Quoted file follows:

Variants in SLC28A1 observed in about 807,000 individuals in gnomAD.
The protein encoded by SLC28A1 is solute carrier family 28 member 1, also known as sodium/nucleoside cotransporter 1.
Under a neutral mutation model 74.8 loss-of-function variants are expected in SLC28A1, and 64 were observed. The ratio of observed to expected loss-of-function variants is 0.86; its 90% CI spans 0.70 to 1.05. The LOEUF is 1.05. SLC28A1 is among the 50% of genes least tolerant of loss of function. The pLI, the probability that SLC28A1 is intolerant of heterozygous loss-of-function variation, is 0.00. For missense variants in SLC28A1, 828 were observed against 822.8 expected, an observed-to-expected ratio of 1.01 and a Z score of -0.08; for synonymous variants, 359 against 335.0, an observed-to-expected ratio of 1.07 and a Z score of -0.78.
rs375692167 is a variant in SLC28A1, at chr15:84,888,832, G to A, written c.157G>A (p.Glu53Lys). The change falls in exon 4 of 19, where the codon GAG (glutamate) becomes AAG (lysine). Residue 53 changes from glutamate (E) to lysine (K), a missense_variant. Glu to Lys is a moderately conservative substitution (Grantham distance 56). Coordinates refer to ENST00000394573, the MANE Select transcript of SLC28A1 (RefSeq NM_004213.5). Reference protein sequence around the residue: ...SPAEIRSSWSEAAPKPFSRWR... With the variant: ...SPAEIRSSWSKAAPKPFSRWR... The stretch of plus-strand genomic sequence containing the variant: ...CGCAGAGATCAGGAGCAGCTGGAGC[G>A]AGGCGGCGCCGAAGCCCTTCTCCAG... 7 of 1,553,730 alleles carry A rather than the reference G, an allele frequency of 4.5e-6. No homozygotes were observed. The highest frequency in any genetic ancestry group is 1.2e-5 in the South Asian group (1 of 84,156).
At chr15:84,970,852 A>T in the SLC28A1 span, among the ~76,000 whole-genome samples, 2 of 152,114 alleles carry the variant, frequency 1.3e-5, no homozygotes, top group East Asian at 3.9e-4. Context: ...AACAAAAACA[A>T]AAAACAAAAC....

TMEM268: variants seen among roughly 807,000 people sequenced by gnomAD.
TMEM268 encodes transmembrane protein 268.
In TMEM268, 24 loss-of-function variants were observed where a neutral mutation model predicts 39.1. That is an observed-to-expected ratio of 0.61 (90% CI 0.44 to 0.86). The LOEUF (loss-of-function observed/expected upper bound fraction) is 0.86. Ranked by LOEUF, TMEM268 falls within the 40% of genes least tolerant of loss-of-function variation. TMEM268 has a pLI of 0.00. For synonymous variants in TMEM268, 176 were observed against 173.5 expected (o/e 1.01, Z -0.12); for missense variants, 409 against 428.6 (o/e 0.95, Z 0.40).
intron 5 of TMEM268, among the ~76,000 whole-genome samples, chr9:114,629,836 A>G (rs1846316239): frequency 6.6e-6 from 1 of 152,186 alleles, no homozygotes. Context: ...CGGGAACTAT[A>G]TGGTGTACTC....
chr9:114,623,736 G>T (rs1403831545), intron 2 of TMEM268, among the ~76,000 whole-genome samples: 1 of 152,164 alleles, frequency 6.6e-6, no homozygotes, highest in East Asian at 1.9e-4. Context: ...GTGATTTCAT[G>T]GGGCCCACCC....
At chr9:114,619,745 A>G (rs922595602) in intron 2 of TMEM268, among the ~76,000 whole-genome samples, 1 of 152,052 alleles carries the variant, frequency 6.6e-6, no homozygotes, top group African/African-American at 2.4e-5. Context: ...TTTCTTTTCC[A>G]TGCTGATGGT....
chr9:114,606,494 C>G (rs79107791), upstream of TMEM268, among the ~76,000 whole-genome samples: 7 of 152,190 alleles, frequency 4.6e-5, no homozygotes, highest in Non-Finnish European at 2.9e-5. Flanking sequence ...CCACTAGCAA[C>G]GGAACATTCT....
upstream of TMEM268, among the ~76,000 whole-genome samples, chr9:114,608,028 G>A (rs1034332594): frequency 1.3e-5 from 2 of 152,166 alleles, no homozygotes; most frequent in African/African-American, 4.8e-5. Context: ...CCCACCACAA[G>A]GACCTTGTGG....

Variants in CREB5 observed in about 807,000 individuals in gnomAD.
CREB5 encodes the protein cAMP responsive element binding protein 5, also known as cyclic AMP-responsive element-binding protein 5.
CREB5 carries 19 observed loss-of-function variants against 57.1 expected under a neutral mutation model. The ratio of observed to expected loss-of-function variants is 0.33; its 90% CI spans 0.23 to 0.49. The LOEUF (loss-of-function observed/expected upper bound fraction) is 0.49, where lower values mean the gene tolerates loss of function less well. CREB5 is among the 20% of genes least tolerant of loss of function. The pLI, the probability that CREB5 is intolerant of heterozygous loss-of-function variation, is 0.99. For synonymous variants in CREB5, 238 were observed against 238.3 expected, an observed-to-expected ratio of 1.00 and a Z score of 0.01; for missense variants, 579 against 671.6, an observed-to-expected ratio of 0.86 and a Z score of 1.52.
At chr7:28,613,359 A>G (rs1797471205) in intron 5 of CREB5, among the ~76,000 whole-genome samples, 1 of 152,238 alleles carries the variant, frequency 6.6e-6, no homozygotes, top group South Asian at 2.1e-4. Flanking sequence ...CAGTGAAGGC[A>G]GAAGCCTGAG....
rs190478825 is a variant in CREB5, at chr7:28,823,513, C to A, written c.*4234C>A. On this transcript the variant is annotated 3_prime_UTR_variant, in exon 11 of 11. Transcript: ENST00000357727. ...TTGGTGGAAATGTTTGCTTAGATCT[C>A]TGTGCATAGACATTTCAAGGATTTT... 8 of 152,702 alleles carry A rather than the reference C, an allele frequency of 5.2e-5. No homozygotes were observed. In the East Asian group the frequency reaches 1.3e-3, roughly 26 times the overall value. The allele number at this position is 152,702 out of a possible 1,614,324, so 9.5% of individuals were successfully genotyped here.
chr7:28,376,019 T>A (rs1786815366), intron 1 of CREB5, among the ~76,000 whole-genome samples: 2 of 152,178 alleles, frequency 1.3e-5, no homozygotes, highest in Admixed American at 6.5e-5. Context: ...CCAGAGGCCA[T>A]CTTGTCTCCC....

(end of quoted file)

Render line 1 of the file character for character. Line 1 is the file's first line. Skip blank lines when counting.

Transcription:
Variants in SLC28A1 observed in about 807,000 individuals in gnomAD.